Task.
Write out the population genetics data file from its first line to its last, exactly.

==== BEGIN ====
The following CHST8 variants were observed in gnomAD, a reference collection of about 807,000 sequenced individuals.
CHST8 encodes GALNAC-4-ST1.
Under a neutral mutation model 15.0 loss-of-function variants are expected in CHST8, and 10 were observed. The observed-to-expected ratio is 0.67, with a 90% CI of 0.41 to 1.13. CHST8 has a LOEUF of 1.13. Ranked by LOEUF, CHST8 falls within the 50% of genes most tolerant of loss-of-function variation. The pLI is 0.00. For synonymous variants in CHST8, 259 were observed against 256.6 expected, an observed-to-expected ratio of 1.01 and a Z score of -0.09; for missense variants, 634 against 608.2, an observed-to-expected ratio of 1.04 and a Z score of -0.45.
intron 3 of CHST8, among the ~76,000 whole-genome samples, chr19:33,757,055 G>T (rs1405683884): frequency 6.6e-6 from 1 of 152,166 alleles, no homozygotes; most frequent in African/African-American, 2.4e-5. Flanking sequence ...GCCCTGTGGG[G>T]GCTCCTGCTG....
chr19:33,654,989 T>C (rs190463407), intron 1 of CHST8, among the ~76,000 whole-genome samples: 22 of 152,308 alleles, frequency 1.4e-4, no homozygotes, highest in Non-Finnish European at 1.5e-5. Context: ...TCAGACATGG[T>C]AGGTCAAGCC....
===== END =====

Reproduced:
The following CHST8 variants were observed in gnomAD, a reference collection of about 807,000 sequenced individuals.
CHST8 encodes GALNAC-4-ST1.
Under a neutral mutation model 15.0 loss-of-function variants are expected in CHST8, and 10 were observed. The observed-to-expected ratio is 0.67, with a 90% CI of 0.41 to 1.13. CHST8 has a LOEUF of 1.13. Ranked by LOEUF, CHST8 falls within the 50% of genes most tolerant of loss-of-function variation. The pLI is 0.00. For synonymous variants in CHST8, 259 were observed against 256.6 expected, an observed-to-expected ratio of 1.01 and a Z score of -0.09; for missense variants, 634 against 608.2, an observed-to-expected ratio of 1.04 and a Z score of -0.45.
intron 3 of CHST8, among the ~76,000 whole-genome samples, chr19:33,757,055 G>T (rs1405683884): frequency 6.6e-6 from 1 of 152,166 alleles, no homozygotes; most frequent in African/African-American, 2.4e-5. Flanking sequence ...GCCCTGTGGG[G>T]GCTCCTGCTG....
chr19:33,654,989 T>C (rs190463407), intron 1 of CHST8, among the ~76,000 whole-genome samples: 22 of 152,308 alleles, frequency 1.4e-4, no homozygotes, highest in Non-Finnish European at 1.5e-5. Context: ...TCAGACATGG[T>C]AGGTCAAGCC....